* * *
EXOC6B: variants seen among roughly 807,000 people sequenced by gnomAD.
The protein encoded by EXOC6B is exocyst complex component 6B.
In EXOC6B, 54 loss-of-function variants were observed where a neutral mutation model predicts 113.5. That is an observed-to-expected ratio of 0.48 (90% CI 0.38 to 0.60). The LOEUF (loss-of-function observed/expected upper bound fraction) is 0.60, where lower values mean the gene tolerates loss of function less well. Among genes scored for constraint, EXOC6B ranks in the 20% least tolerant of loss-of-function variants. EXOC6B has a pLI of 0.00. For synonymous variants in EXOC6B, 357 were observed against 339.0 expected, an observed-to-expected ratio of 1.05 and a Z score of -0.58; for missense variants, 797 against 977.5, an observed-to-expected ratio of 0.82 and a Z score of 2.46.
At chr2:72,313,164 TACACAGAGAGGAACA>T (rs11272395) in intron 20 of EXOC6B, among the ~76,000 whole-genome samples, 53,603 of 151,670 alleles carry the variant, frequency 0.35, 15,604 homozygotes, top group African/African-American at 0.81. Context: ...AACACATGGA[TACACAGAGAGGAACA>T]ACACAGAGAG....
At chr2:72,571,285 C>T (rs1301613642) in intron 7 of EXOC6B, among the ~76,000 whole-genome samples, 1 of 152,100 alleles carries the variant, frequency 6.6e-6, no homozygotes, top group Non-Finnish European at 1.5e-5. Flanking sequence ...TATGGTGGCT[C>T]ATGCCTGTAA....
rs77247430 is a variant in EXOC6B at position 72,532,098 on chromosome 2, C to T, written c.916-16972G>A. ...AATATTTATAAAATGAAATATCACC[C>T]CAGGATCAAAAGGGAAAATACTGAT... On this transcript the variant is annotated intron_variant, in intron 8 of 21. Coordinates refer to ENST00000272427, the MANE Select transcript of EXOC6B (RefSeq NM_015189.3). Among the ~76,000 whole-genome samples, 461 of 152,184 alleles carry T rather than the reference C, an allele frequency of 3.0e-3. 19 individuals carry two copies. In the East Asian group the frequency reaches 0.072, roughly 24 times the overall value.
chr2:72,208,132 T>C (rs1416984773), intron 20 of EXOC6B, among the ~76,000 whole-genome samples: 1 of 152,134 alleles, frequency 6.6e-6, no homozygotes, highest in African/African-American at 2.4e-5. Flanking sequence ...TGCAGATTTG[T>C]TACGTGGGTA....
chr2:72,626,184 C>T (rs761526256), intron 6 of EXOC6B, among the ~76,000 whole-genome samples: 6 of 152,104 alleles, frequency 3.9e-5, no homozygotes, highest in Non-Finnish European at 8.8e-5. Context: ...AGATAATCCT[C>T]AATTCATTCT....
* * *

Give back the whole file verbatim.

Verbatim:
EXOC6B: variants seen among roughly 807,000 people sequenced by gnomAD.
The protein encoded by EXOC6B is exocyst complex component 6B.
In EXOC6B, 54 loss-of-function variants were observed where a neutral mutation model predicts 113.5. That is an observed-to-expected ratio of 0.48 (90% CI 0.38 to 0.60). The LOEUF (loss-of-function observed/expected upper bound fraction) is 0.60, where lower values mean the gene tolerates loss of function less well. Among genes scored for constraint, EXOC6B ranks in the 20% least tolerant of loss-of-function variants. EXOC6B has a pLI of 0.00. For synonymous variants in EXOC6B, 357 were observed against 339.0 expected, an observed-to-expected ratio of 1.05 and a Z score of -0.58; for missense variants, 797 against 977.5, an observed-to-expected ratio of 0.82 and a Z score of 2.46.
At chr2:72,313,164 TACACAGAGAGGAACA>T (rs11272395) in intron 20 of EXOC6B, among the ~76,000 whole-genome samples, 53,603 of 151,670 alleles carry the variant, frequency 0.35, 15,604 homozygotes, top group African/African-American at 0.81. Context: ...AACACATGGA[TACACAGAGAGGAACA>T]ACACAGAGAG....
At chr2:72,571,285 C>T (rs1301613642) in intron 7 of EXOC6B, among the ~76,000 whole-genome samples, 1 of 152,100 alleles carries the variant, frequency 6.6e-6, no homozygotes, top group Non-Finnish European at 1.5e-5. Flanking sequence ...TATGGTGGCT[C>T]ATGCCTGTAA....
rs77247430 is a variant in EXOC6B at position 72,532,098 on chromosome 2, C to T, written c.916-16972G>A. ...AATATTTATAAAATGAAATATCACC[C>T]CAGGATCAAAAGGGAAAATACTGAT... On this transcript the variant is annotated intron_variant, in intron 8 of 21. Coordinates refer to ENST00000272427, the MANE Select transcript of EXOC6B (RefSeq NM_015189.3). Among the ~76,000 whole-genome samples, 461 of 152,184 alleles carry T rather than the reference C, an allele frequency of 3.0e-3. 19 individuals carry two copies. In the East Asian group the frequency reaches 0.072, roughly 24 times the overall value.
chr2:72,208,132 T>C (rs1416984773), intron 20 of EXOC6B, among the ~76,000 whole-genome samples: 1 of 152,134 alleles, frequency 6.6e-6, no homozygotes, highest in African/African-American at 2.4e-5. Flanking sequence ...TGCAGATTTG[T>C]TACGTGGGTA....
chr2:72,626,184 C>T (rs761526256), intron 6 of EXOC6B, among the ~76,000 whole-genome samples: 6 of 152,104 alleles, frequency 3.9e-5, no homozygotes, highest in Non-Finnish European at 8.8e-5. Context: ...AGATAATCCT[C>T]AATTCATTCT....